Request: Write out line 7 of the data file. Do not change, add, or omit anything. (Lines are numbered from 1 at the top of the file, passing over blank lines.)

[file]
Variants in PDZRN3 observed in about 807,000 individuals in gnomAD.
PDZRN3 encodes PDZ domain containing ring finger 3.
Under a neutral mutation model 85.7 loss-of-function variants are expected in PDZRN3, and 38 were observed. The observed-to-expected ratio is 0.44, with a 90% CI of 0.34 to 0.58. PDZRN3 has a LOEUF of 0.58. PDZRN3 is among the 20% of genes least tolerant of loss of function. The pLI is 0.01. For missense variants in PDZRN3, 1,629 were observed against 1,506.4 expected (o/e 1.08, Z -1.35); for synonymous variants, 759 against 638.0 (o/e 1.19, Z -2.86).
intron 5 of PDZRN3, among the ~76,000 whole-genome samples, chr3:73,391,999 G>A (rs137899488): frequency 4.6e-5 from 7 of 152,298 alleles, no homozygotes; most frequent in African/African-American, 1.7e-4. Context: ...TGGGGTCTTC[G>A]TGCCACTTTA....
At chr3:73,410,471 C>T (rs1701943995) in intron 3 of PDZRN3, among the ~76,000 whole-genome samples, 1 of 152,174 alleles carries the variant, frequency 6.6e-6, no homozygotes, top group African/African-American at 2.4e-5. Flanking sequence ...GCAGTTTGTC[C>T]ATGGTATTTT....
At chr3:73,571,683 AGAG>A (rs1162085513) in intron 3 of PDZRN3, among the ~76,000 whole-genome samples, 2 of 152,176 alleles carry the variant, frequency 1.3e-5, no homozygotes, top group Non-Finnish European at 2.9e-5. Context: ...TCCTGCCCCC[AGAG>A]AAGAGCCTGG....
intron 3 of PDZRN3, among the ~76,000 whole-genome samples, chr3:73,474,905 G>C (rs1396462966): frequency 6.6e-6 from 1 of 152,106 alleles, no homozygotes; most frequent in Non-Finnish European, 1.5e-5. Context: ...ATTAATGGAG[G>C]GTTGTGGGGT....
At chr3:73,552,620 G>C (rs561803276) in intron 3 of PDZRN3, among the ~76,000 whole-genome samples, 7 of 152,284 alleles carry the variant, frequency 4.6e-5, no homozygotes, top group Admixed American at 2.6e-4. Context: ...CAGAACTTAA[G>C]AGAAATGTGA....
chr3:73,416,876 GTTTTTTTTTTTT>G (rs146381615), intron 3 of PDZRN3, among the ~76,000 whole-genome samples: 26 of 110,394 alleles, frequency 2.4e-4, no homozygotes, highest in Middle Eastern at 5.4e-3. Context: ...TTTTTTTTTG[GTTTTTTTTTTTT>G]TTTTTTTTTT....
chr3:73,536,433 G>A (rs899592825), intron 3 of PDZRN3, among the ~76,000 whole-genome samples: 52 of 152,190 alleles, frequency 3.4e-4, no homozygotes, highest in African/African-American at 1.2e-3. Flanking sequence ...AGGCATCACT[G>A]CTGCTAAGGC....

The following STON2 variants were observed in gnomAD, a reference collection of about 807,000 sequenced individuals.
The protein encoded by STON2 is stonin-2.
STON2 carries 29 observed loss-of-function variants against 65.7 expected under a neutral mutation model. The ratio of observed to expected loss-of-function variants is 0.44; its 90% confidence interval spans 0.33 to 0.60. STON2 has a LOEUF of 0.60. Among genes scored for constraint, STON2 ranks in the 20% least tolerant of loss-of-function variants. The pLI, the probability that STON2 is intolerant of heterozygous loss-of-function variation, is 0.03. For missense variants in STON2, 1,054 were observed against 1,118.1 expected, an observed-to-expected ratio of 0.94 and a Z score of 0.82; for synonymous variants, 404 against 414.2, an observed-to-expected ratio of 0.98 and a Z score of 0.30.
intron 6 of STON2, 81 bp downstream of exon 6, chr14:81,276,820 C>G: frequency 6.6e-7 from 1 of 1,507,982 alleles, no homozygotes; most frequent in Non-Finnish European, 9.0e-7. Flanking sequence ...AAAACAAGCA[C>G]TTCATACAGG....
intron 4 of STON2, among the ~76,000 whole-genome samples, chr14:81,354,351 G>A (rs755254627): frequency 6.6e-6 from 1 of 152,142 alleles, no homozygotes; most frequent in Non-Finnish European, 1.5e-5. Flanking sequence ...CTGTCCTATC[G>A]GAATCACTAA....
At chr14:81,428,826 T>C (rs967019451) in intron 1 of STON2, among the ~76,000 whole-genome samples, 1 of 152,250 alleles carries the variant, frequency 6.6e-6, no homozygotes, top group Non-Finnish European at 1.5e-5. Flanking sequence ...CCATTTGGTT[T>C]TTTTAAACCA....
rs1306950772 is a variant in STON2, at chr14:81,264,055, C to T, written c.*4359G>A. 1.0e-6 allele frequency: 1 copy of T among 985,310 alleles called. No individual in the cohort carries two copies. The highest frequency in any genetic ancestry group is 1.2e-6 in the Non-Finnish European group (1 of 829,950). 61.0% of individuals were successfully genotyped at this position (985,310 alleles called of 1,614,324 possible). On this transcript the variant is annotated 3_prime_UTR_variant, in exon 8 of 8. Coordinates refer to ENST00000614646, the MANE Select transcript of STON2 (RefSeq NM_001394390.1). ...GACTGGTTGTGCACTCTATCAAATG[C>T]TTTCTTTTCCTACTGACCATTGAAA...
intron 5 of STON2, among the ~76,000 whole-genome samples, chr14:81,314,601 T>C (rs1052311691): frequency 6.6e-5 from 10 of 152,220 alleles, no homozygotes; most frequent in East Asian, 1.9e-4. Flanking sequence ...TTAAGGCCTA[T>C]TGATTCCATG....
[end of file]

intron 3 of PDZRN3, among the ~76,000 whole-genome samples, chr3:73,474,905 G>C (rs1396462966): frequency 6.6e-6 from 1 of 152,106 alleles, no homozygotes; most frequent in Non-Finnish European, 1.5e-5. Context: ...ATTAATGGAG[G>C]GTTGTGGGGT....